Concordia Cruise Ship
January 16, 2012 by staff
Concordia Cruise Ship, Italian Environment Minister Corrado Clini says he will declare a state of emergency over the cruise liner Costa Concordia capsized off Italy’s west coast, which would free up state funds to help prevent an environmental disaster.
Clini said some liquid material had started to leak from the ship, but it was unclear if it was fuel. He said protective barriers were being put in place.
“Monitoring is continuing to take the decisions aimed at avoiding environmental risks,” Clini told a news conference.
Italian rescue officials say a passenger’s body has been found in the wreckage of the Costa Concordia, raising to six the number of confirmed dead in the disaster. Sixteen people remain unaccounted-for.
Fire official Luca Cari told state radio that the victim was a man, found in a corridor in the part of the ship that was still above water. He said the victim was wearing the orange-coloured life vest of passengers.
The number of unaccounted-for was increased because two Sicilian women, originally listed among the evacuated, have not contacted relatives. Cari said a search of all the ship, including a divers’ inspection of the submerged areas, continues, but the sea is becoming rough.
Still, there were glimmers of hope: The rescue of three survivors – a young South Korean couple on their honeymoon and a crew member brought to shore in a dramatic airlift some 36 hours after the grounding late Friday.
Meanwhile, attention focused on the captain, who was spotted by Coast Guard officials and passengers allegedly fleeing the scene even as the chaotic and terrifying evacuation was under way.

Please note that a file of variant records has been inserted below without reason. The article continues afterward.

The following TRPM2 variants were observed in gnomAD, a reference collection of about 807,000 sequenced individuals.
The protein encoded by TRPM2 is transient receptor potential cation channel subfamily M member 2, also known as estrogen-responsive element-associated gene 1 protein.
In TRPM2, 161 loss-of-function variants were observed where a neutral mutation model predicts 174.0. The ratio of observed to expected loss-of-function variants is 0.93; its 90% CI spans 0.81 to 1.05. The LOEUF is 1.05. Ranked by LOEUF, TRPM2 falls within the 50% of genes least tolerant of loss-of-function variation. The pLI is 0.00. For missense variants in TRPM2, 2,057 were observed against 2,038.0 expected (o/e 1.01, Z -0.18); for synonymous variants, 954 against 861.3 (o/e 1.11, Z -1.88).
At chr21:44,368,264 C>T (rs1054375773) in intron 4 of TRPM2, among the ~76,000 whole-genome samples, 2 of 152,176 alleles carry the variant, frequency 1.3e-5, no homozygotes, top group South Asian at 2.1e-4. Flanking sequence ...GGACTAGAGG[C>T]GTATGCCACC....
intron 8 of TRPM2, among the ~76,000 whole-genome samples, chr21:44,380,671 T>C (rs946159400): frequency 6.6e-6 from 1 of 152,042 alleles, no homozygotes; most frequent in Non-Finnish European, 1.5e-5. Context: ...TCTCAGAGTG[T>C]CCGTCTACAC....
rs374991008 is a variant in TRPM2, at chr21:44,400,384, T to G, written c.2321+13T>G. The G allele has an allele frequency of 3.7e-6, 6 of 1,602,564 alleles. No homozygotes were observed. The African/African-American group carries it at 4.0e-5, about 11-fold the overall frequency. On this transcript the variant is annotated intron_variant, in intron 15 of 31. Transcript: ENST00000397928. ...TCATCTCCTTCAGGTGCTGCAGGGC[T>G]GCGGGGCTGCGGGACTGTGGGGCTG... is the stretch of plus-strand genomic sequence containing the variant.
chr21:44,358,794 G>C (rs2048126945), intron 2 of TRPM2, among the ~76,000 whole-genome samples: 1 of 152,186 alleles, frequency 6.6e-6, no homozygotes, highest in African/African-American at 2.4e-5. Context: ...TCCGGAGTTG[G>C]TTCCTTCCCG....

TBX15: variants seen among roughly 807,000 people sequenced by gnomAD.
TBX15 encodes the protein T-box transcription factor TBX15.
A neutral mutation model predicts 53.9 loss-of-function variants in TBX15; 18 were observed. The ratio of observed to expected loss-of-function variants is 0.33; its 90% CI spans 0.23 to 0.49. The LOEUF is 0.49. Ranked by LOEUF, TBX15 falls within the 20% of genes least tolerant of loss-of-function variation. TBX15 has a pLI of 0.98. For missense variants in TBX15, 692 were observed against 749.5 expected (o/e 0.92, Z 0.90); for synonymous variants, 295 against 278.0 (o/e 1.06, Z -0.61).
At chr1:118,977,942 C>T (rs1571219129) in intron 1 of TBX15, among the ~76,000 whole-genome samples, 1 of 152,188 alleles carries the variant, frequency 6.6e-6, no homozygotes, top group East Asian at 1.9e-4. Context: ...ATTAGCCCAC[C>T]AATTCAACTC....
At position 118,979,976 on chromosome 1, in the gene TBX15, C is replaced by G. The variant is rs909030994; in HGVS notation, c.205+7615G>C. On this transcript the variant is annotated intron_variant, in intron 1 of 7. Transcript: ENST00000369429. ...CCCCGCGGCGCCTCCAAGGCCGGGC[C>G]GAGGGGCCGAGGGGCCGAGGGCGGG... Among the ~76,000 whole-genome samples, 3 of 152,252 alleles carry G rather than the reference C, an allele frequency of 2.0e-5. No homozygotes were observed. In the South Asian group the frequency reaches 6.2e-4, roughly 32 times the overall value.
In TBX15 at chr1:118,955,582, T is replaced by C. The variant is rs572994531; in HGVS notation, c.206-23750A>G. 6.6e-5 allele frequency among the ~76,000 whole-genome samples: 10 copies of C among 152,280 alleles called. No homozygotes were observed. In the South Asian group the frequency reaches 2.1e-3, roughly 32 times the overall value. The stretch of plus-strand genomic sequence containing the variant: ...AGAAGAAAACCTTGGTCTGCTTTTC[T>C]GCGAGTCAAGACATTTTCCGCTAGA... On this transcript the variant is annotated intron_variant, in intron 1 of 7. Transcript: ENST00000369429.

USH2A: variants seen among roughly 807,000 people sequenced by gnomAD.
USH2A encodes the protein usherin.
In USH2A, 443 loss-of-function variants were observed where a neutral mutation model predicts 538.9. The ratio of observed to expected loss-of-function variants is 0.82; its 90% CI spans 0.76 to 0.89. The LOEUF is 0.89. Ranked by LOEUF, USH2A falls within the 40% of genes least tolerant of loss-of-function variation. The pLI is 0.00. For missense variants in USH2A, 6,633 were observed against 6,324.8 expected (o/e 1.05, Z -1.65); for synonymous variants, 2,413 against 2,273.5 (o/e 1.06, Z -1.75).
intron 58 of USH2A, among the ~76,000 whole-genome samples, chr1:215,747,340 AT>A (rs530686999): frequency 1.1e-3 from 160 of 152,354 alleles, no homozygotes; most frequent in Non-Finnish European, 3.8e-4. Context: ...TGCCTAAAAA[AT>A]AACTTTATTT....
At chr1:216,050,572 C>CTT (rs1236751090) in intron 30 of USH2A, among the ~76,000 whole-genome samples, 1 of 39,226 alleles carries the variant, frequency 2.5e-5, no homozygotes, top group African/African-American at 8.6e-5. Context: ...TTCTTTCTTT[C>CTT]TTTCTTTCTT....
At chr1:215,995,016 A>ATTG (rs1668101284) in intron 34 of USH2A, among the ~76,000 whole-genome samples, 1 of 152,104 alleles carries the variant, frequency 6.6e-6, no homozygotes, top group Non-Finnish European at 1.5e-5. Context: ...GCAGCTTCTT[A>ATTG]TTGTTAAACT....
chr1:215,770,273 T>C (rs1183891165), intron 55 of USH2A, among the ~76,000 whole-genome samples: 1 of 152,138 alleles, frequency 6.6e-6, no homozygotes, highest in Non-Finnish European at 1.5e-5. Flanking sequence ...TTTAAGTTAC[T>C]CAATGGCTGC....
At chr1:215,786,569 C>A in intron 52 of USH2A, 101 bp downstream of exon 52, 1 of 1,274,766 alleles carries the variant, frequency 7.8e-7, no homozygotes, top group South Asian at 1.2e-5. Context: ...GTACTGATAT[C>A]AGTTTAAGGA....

The ship’s Italian owner, a subsidiary of Carnival Cruise lines, issued a statement early today (NZ time) saying there appeared to be “significant human error” on the part of the captain, Francesco Schettino, “which resulted in these grave consequences.”
Authorities were holding Schettino for suspected manslaughter and a prosecutor confirmed overnight (NZ time) they were also investigating allegations the captain abandoned the stricken liner before all the passengers had escaped. According to the Italian navigation code, a captain who abandons a ship in danger can face up to 12 years in prison.
A French couple who boarded the Concordia in Marseille, Ophelie Gondelle and David Du Pays, told the Associated Press they saw the captain in a lifeboat, covered by a blanket, well before all the passengers were off the ship.
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